A Professor Emeritus faulted govt posture on the implementation of the Child Rights Act, describing it as mere cosmetics.
Prof. Pai Obanya, a resource person at an advocacy meeting, tagged “Scaling up on mass communication training institutions, mainstreaming child rights report curriculum in Nigeria”, gave the advice in Ibadan.
The News Agency of Nigeria (NAN) reports that the advocacy meeting was organised by Lagos State Ministry of Information and Strategy in collaboration with UNICEF.
Obanya, a Professor Emeritus and the developer of Universal Basic Education (UBE), faulted government posture on the implementation of the Child Rights Act, describing it as mere cosmetics.
He attributed non-compliance on policies bordering on child rights to poor child-sensitive budgeting of government at all levels.
“It doesn’t pay to just say you have a policy on something without specifically putting resources aside for it.
“It relates to taking into account what the declaration says about right to life, protection, health nutrition and self-actualisation.
“Nigeria has a problem of, first of all, not ratifying enough and when it ratifies, it doesn’t really sensitise the populace to know what it is all about.
“And on the part of government, we have not fully implemented the international agreement we entered into on the child’s right,” he said.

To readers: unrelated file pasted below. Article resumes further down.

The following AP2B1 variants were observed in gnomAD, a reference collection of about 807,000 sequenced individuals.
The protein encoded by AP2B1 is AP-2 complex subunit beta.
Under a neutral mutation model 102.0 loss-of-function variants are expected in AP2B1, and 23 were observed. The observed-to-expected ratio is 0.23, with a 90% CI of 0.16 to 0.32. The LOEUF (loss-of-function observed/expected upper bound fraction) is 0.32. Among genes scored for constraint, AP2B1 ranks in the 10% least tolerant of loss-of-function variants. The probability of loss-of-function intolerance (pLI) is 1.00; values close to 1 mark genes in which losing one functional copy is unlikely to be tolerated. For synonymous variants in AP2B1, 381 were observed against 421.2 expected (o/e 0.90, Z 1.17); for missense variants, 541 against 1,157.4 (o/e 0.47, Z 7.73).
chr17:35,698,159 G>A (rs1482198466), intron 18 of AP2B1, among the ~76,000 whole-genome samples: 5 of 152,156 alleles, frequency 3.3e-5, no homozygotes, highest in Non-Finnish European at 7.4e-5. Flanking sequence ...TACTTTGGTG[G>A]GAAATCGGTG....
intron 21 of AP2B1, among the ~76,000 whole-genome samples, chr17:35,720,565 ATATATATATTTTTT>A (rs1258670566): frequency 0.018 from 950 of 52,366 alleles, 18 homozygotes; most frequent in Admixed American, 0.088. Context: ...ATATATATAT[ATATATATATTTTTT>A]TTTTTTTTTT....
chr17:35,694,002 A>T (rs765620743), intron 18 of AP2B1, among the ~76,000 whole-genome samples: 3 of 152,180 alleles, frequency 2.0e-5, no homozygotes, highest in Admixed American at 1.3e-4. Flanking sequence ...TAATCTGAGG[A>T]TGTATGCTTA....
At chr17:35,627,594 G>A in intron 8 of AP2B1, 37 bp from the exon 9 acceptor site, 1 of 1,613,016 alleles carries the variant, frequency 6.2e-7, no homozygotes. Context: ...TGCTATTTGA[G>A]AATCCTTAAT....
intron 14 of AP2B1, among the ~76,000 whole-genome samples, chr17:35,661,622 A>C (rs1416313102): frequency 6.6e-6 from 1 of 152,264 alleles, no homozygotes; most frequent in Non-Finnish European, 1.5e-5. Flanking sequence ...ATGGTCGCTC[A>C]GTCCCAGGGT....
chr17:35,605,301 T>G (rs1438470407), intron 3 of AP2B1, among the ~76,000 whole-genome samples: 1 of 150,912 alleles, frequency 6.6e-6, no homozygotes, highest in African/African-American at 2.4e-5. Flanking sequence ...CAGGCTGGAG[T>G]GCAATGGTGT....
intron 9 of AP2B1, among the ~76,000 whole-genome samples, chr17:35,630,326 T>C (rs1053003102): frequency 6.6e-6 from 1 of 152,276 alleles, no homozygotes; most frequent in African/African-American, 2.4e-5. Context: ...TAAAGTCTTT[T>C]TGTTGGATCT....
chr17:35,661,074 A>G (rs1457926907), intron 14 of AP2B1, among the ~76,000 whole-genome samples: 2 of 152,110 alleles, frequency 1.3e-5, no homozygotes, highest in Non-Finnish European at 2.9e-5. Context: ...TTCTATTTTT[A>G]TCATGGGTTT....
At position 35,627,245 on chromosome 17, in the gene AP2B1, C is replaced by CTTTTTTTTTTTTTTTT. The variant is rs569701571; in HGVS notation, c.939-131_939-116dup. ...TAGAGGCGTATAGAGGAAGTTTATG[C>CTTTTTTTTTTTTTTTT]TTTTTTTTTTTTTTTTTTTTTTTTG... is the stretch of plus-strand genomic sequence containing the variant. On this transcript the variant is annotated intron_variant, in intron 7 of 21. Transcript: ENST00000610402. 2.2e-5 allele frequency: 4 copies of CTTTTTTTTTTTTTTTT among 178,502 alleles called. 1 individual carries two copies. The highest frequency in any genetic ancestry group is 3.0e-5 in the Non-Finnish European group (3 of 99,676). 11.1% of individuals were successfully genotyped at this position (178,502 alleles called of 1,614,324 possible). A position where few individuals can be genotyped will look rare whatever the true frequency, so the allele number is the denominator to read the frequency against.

Obanla lamented that a child who had not got a chance of equal access to quality education was not likely to have equal access to quality living in later life.
He said that Nigeria and many other African nations, except those in Southern Africa, South Africa itself, Mozambique, Botswana, Lesotho and Swaziland, placed premium on child’s right.
According to the UNICEF Communication Officer, Mrs Blessing Ejiofor, the one-day event was designed to get more teachers and media practitioners involved in the promotion and protection of the child’s rights.
Ejiofor said that as a matter of profession, the inclusion of the child rights reportage into Mass Communication training institutions and mainstreaming it in their curriculum will help end abuse and violence against children.
Mr Geoffrey Njoku, the UNICEF Communication Specialist, who spoke on the history of child rights reporting in Nigeria, noted that the training would lead to more communication training institutions teaching child rights reporting.
“Students that benefited from rights reporting training will be well equipped and promoting child rights as practising professionals.
“More students of mass communication writing their projects (thesis) on aspects of child rights,” he said.